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What Working on My Worst Depression Days Is Like

Kathryn Flynn
Business woman stressed from work while sitting outdoors on the stairs, concept work life balance, burn out syndrome, press from colleagues.

No matter how deep in the dark I am, how hopeless I feel or how exhausted my mind weighs, I must find the willpower to not hit snooze again, to drag my lifeless body from the sheets and put one foot in front of the other. It’s a struggle to brush my teeth after I haven’t in two days, it seems impossible to find clean matching clothes and to make my hair look like it hasn’t actually been washed in four days. This is what it’s like when I wake up knowing I must go to work.

I recently started a new job where our sick days accrue every month. I only started receiving this benefit this month so I have not built up any days. I like to think that I have a “high tolerance” for my depressive episodes and that I can push through it. Today however, I know I must fight through the haze, the fog, the helplessness, the dark, the sluggishness and the utter sadness to drive the 30 minutes to work.

Related:Why I Hated Hearing 'Everything Happens for a Reason' in Depression Recovery

I cry on my way to work, the only noises I hear are the cars flying by me and my sniffles. I have no idea why I’m crying, I don’t hate my job. I cry because I can’t hold the sadness in; I cry to let something out because the emotionlessness of what depression brings is creeping all over my body and I’m tired of feeling dark in my head and numb in my body. The thirty minute drive goes quickly. I contemplate turning around several times, I don’t want to face my coworkers on a day like today.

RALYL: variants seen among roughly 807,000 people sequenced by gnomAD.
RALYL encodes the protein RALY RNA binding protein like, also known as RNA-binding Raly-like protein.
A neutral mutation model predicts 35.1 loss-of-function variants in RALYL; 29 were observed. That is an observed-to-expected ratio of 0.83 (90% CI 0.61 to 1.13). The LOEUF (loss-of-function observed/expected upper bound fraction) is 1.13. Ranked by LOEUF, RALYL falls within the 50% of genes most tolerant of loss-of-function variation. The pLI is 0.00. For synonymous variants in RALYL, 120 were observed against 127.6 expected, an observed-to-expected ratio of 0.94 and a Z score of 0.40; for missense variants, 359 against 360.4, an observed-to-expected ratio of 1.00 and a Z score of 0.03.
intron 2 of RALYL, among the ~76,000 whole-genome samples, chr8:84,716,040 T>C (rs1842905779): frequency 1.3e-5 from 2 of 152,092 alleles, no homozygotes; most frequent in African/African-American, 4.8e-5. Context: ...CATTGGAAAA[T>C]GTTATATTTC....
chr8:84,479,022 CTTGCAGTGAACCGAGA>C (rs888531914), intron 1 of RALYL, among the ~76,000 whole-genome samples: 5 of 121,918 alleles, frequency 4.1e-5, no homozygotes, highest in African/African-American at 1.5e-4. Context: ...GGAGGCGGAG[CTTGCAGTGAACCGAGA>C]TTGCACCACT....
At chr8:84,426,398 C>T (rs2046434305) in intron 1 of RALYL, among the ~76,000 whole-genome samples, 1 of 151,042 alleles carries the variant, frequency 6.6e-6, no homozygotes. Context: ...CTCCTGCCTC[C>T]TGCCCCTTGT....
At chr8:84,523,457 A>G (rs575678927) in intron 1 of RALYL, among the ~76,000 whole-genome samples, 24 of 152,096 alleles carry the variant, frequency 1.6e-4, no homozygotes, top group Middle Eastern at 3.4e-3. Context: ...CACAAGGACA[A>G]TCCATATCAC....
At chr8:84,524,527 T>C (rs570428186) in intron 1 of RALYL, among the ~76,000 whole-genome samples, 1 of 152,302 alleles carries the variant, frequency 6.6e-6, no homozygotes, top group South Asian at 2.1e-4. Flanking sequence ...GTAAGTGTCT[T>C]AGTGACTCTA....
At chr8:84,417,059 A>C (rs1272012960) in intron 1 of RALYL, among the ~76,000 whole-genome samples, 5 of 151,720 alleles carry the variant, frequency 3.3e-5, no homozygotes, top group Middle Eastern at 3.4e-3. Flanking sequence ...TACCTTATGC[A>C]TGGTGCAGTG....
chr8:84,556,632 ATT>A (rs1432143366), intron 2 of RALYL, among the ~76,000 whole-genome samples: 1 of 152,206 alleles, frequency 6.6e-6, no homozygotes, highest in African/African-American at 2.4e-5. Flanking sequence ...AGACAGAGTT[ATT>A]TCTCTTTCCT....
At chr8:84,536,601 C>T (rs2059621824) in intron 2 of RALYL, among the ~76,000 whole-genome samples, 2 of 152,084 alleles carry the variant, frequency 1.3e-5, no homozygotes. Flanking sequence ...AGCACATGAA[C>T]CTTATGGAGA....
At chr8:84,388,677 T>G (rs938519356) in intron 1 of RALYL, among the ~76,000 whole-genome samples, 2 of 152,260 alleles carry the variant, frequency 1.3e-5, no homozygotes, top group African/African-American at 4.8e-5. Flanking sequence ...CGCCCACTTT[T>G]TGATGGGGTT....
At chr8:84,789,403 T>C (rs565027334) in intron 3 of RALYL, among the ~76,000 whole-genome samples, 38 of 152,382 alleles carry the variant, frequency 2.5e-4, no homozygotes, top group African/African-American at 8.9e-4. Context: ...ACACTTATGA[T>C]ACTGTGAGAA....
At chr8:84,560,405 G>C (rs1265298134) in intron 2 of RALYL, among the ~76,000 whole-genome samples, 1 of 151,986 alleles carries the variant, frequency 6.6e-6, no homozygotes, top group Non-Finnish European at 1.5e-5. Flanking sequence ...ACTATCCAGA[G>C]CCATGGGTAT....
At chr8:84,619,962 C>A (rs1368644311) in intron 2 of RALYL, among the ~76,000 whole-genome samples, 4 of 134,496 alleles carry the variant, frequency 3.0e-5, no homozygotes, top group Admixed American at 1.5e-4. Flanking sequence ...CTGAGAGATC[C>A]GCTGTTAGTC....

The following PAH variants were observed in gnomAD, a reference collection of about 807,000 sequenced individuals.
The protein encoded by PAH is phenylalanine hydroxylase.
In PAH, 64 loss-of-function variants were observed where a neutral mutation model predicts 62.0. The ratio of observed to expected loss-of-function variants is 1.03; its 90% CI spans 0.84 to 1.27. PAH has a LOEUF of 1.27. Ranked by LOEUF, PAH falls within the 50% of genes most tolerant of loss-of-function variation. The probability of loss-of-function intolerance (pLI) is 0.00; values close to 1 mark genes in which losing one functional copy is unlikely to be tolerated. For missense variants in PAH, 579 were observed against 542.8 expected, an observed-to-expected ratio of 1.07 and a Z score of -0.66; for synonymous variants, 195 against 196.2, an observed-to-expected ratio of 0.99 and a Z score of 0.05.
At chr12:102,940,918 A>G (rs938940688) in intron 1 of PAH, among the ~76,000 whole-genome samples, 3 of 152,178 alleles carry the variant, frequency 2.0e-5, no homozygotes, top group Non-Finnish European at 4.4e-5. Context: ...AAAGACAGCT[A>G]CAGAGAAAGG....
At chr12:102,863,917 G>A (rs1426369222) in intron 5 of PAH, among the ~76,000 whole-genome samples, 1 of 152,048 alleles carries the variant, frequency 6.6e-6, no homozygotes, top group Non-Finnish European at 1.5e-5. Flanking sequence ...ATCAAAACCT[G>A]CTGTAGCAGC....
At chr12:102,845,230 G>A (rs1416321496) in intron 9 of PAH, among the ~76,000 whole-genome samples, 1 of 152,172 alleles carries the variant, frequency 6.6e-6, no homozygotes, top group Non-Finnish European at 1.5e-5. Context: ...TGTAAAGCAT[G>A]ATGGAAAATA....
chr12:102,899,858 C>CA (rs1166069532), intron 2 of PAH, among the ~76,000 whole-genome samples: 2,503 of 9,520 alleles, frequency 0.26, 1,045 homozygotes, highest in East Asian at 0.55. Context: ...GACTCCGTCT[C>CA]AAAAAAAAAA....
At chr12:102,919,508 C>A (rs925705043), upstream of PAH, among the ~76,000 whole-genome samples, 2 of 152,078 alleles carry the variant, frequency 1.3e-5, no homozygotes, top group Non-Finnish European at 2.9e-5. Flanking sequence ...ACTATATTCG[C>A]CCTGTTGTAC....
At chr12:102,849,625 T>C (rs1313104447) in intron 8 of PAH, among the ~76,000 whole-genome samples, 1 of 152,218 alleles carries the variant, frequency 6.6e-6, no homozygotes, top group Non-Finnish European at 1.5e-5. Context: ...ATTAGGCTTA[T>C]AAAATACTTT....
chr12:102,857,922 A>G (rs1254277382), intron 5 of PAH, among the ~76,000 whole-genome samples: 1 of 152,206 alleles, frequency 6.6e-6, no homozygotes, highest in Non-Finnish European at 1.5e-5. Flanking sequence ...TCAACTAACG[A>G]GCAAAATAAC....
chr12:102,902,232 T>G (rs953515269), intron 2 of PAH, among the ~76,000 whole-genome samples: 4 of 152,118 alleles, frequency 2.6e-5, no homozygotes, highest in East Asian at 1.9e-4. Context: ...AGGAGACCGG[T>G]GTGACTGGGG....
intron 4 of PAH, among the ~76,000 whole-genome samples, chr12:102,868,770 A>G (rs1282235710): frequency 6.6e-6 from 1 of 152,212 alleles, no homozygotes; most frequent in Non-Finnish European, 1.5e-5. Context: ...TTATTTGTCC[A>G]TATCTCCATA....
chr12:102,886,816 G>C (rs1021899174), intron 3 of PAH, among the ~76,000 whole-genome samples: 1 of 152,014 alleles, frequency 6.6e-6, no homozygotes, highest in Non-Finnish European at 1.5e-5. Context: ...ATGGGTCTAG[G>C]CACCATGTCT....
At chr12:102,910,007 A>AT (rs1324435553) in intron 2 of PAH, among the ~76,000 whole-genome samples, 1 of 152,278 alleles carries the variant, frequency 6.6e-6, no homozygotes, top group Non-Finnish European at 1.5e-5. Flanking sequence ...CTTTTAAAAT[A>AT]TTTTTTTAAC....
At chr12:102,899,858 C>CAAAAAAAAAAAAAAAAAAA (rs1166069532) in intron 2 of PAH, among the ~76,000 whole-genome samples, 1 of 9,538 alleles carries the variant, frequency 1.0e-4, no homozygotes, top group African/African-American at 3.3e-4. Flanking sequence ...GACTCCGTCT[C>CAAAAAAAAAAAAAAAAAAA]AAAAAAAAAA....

I sit in my cubicle not making eye contact with anyone, afraid if someone asks what’s wrong I’ll either stare blankly or burst out in tears. I wear my headphones all day with no sound coming out because I don’t want anyone to talk to me and it helps block the clicking noise from the computers around me. I can’t stand noise right now, I can’t stand light and I just want to be in my bed with my head under all the pillows.

Related:16 Signs Teenagers Knew They Were Depressed (and Not Just 'Angsty')

As I push the papers around on my desk to make it resemble some sort of accomplishment, I find myself staring off into space. Someone stops by and jerks me out of my trance by asking if I’m feeling OK.

“I’m fine,” I manage to mutter without making eye contact.

“Are you sick, you don’t look fine?” They continue to pry. I know they’re just worried.

“Sure.” That seems to suffice and they walk away.

I keep to myself all day. The feeling of talking to one more person is excruciating. I have tasks that I’m not sure how to do but I defer them for another day, the effort it takes to think is unbearable. I finally leave my safe cubicle to go cry in the bathroom. I come back and reply to an email. It takes me 20 minutes to write before hitting send because of all the spelling errors and lack of focus to get it right.

Related:The Lies I Tell My Family as a Mom With Depression

The day finally ends. I’ve only cried once at work today, that was a success. My body is numb and tired, my shoulders are so sore from all the pent-up stress of holding in my emotions all day. My husband wonders why my shoulders are always so tight — this is why. Today I made it. I was a body, in a cubicle, on an almost unbearable day of depression.

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